Domino’s, Ford start self-driving delivery tests

The delivery research is as much a chance for both Ford and Domino’s to get a head start on competitors is it is a way to get what looks like a self-driving vehicle on the road to gauge reactions.

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It looks like a self-driving vehicle, but of course it’s not. Testing for market acceptance is somewhat more difficult than making a car drive itself. University of MI uses right hand drive cars with the human driver covered up to test occupants in a similar way.

TRL report: Four out of five people think autonomous vehicles are a good idea

Chief Scientist and Research Director, Transportation at TRL, Alan Stevens, commented: “While this survey looks at a relatively small and self-selecting sample of people, it is pleasing to see that so many of them were open to using an autonomous vehicle.

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A larger sample with realistic levels of expectation of autonomy plans in motion could result is a much different study result


Today’s Top News: GM Plays It Safe with Cadillac Autopilot

Super Cruise’s self-drive mode primarily relies on LiDAR sensors (The Tesla S, X, and 3 models produced since October have none), cameras, and radar sensors. For mapping, Super Cruise reportedly relies on data from GeoDigital, in which GM is an investor, which offers over 160,000 miles of highway data in the US and Canada.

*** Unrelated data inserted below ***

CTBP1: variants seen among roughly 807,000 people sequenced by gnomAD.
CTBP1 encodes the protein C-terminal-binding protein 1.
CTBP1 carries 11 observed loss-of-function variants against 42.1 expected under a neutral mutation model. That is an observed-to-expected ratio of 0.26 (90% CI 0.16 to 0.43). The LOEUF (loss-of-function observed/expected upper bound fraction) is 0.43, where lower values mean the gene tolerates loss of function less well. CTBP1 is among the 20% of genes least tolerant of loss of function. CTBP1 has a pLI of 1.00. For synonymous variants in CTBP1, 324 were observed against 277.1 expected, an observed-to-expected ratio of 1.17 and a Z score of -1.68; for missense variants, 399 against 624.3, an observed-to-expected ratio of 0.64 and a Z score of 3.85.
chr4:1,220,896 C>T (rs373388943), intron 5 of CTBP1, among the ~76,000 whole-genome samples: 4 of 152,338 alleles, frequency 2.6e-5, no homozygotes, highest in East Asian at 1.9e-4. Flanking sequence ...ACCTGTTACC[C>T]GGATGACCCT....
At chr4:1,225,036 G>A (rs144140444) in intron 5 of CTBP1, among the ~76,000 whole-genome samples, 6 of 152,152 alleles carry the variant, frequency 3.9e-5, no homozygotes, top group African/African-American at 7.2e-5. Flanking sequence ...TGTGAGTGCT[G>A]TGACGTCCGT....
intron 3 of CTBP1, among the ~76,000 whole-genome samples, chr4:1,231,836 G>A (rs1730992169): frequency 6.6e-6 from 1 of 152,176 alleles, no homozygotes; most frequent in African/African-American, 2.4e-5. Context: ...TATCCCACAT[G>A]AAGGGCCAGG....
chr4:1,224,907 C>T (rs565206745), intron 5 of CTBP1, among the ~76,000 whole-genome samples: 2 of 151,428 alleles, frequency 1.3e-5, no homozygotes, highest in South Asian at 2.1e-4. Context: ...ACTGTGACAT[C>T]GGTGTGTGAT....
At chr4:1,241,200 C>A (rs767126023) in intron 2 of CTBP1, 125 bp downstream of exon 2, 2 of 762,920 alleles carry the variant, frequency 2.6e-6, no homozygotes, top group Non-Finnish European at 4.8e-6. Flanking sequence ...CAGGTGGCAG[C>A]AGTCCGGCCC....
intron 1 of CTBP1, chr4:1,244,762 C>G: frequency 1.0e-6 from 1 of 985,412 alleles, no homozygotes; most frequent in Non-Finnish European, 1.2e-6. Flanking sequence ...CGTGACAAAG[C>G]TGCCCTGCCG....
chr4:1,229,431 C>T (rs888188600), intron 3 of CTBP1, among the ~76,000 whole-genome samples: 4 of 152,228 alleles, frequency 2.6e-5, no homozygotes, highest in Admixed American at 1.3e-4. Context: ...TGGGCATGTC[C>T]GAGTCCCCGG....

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It makes perfect sense that a liability averse company like GM will play it safe (this is a safety feature, not a novelty), besides Super Cruise was almost ready for release years ago before it would have been considered a self-driving feature. 

Intel plans a test fleet of 100 self-driving cars

It’ll take a while before you see the fruits of this effort. The first vehicles don’t deploy until later in 2017, and the magic 100 mark is coming “eventually.”

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Part of being Intel is doing great PR, like the “news” they would eventually open Fab42 in Arizona. Within two weeks of the big press announcement to spend $7B Intel told suppliers the project was “on hold”. We’ll see how the $15B spend with Mobileye is really used, eventually.

Tesla releases its must affordable car yet but few can buy it –

Once an automaker sells 200,000 electric cars in the U.S., the credit phases out. Tesla has already sold more than 126,000 vehicles since 2008, according to estimates by WardsAuto, so not everyone who buys a Model 3 will be eligible.

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Exactly why you should never sell, or buy a product based on government incentives. None of the major automakers are troubled by this subsidy cap since very few actually want an EV. Tesla changes this.